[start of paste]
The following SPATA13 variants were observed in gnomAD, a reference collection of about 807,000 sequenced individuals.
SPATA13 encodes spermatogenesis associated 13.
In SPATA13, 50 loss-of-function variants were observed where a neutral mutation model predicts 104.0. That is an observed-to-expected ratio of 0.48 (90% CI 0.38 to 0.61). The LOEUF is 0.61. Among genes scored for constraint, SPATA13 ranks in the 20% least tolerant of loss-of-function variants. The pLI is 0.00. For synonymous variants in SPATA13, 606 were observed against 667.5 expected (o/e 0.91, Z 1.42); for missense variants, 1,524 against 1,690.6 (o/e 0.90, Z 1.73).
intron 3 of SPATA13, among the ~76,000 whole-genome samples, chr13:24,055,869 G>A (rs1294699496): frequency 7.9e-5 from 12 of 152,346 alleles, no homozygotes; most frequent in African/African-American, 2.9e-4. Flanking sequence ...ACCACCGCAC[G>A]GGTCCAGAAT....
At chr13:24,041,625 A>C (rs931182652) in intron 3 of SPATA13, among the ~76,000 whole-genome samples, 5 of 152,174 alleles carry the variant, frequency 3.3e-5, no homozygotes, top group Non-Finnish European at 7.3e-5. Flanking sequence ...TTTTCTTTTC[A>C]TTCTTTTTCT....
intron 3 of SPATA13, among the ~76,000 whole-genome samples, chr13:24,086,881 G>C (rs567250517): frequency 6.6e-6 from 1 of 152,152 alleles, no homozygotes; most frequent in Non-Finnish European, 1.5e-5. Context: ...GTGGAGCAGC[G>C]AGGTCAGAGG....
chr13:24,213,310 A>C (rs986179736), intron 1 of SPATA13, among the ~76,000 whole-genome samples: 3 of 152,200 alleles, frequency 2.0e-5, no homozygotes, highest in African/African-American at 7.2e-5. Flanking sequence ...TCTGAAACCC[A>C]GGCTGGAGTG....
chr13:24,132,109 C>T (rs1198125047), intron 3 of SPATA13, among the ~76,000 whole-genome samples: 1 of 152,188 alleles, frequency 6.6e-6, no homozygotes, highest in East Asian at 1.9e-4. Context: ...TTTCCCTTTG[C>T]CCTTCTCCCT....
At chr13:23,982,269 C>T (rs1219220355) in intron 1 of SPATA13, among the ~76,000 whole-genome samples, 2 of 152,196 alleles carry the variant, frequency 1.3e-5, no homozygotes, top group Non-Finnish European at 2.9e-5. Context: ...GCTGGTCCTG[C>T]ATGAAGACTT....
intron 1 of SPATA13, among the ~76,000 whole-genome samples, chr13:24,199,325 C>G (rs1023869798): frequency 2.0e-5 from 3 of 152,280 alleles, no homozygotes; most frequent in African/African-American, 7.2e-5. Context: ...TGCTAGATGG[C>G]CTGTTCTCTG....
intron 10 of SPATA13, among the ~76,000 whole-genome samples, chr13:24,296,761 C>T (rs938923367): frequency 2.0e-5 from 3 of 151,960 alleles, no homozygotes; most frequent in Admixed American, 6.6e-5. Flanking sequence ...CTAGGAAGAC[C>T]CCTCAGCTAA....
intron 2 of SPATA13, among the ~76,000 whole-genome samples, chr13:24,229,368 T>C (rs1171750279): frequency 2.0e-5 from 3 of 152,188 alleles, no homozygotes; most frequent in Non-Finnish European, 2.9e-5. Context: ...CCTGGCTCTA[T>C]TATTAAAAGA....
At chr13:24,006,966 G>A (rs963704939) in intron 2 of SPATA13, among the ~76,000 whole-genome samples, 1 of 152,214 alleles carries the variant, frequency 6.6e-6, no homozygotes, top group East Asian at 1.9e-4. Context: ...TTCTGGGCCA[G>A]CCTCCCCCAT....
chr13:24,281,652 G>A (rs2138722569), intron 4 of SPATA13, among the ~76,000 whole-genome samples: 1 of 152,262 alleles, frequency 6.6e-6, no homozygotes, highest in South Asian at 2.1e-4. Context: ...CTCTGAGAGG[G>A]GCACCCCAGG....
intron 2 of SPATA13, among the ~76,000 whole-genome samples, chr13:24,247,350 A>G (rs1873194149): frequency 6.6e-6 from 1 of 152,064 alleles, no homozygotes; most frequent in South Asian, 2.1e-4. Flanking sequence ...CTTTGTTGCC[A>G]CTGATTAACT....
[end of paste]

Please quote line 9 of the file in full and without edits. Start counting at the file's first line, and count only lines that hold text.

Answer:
At chr13:23,982,269 C>T (rs1219220355) in intron 1 of SPATA13, among the ~76,000 whole-genome samples, 2 of 152,196 alleles carry the variant, frequency 1.3e-5, no homozygotes, top group Non-Finnish European at 2.9e-5. Context: ...GCTGGTCCTG[C>T]ATGAAGACTT....